The topic of predicting the behavior of goal-driven agents has been studied from many angles in numerous fields. There is no doubt it is an important task with a plethora of applications. In the machine learning community, the literature has focused primarily on the single-agent setting. Inverse optimal control techniques designed for this setting assume that the agent aims to maximizing its utility. That is, the agent is optimally solving an unknown control problem. This assumption allows them to both leverage off-the-shelf planners and attain strong statistical guarantees.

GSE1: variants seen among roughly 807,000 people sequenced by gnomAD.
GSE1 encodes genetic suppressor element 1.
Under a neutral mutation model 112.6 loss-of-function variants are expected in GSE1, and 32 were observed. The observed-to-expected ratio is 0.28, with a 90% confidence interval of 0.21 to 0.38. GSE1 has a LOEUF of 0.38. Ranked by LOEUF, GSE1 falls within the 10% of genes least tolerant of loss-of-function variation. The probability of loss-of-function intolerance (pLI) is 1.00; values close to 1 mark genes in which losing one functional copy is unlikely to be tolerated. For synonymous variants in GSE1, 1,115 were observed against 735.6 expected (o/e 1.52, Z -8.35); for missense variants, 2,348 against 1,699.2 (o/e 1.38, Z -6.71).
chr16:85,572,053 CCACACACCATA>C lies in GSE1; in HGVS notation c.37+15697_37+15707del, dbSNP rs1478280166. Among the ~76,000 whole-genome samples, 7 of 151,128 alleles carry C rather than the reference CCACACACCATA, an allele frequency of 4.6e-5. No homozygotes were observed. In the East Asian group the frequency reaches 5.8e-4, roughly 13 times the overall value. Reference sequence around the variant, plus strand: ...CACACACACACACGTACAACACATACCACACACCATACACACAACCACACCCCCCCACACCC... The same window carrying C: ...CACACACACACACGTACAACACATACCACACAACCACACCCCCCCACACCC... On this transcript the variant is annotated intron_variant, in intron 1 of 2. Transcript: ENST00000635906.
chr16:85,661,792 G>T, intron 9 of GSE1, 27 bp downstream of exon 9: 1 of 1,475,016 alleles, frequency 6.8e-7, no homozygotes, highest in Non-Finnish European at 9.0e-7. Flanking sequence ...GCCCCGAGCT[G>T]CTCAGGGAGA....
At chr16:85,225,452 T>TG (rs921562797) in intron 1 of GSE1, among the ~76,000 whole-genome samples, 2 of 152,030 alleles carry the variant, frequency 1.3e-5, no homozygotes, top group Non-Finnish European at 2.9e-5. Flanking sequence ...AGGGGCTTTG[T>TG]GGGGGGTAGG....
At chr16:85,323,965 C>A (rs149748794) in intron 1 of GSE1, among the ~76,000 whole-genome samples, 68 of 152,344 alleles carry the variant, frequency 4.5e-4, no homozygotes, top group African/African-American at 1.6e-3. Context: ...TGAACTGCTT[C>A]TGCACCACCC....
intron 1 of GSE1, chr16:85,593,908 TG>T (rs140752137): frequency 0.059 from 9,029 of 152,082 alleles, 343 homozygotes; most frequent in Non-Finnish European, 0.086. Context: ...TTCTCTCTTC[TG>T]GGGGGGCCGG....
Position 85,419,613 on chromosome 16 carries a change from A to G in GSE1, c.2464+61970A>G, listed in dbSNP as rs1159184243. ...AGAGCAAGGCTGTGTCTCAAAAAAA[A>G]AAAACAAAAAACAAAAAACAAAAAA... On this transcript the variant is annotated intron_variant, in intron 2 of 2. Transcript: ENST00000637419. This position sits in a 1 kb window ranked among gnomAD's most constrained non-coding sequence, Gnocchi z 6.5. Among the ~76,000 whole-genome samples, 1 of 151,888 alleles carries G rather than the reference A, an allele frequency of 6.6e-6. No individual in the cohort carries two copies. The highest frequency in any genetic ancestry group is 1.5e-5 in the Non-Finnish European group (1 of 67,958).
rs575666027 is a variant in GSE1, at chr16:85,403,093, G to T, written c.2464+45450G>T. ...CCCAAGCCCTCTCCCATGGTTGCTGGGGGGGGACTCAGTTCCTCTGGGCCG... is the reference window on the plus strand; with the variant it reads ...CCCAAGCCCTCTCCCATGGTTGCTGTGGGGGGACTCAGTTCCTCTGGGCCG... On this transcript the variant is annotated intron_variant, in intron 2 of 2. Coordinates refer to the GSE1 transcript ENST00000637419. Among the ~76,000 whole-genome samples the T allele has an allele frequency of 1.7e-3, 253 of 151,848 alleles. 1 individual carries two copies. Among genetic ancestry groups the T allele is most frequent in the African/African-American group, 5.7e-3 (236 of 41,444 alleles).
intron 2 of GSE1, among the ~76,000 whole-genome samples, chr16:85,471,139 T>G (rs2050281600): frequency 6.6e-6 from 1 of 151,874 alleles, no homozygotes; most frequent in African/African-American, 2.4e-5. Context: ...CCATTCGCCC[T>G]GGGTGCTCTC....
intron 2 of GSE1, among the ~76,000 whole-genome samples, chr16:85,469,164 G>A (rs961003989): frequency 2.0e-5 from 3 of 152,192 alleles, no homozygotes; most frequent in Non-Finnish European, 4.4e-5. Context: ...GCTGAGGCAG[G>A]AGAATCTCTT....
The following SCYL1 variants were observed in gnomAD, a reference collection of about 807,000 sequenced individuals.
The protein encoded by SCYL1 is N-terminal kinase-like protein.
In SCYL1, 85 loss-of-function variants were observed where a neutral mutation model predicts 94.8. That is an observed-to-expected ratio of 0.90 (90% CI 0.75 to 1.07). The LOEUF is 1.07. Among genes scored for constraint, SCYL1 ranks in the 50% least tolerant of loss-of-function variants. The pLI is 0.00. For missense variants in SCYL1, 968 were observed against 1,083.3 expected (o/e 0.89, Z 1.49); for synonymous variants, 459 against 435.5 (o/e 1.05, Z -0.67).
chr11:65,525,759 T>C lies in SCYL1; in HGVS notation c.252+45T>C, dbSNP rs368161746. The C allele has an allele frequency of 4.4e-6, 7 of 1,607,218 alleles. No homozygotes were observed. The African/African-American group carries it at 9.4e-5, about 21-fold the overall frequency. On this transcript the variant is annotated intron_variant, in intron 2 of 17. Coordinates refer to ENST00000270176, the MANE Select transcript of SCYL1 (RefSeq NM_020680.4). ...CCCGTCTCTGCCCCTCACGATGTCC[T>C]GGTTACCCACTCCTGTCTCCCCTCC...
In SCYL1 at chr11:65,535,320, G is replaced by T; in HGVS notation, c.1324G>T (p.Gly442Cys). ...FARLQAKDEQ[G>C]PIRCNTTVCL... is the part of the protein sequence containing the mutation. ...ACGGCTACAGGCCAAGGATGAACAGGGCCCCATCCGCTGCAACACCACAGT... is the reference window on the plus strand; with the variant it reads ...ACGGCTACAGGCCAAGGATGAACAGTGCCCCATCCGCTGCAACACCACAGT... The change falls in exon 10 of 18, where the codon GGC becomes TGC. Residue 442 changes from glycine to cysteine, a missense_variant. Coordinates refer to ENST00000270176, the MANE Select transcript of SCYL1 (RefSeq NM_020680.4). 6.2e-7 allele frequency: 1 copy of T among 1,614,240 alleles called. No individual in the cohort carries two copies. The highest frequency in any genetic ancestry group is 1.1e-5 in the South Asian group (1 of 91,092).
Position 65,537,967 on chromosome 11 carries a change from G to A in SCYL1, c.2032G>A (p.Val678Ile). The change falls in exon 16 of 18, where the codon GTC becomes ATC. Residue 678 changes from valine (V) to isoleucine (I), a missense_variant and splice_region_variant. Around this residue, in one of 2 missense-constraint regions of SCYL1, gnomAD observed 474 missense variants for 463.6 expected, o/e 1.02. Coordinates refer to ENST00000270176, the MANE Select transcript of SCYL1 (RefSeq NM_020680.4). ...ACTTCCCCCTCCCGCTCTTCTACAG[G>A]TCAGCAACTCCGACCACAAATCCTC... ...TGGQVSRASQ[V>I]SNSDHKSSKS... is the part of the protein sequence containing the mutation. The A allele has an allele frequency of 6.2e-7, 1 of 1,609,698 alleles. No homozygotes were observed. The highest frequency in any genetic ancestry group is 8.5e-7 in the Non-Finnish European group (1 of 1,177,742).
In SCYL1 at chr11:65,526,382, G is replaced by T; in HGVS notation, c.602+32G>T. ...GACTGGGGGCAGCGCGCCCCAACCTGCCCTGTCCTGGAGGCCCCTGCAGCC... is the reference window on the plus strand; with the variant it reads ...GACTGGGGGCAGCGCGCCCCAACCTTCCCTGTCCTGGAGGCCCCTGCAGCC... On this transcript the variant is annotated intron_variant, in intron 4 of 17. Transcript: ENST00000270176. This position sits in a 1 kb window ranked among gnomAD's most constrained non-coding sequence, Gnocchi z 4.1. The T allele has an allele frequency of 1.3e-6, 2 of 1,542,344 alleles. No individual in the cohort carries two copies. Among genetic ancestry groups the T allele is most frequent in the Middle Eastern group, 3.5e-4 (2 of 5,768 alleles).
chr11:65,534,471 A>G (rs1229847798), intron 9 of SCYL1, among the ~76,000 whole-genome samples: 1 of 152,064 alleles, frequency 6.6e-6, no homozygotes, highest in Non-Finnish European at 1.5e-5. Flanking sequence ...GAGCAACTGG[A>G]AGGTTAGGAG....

In this thesis, we will tackle behavior prediction in multi-agent settings. Here, unlike in the single-agent case, one may not myopically maximize its reward–it must also reason about the other agents' decisions. As such, we must instead employ a game-theoretic equilibrium concept in place of the utility-maximizing optimality criterion. We will consider this challenge from both statistical and computational perspectives. That is, we propose new methods for both structured and unstructured settings that are computationally efficient and require fewer observations than standard machine learning techniques.
Drew Bagnell (Chair)
Michael Littman (Brown University)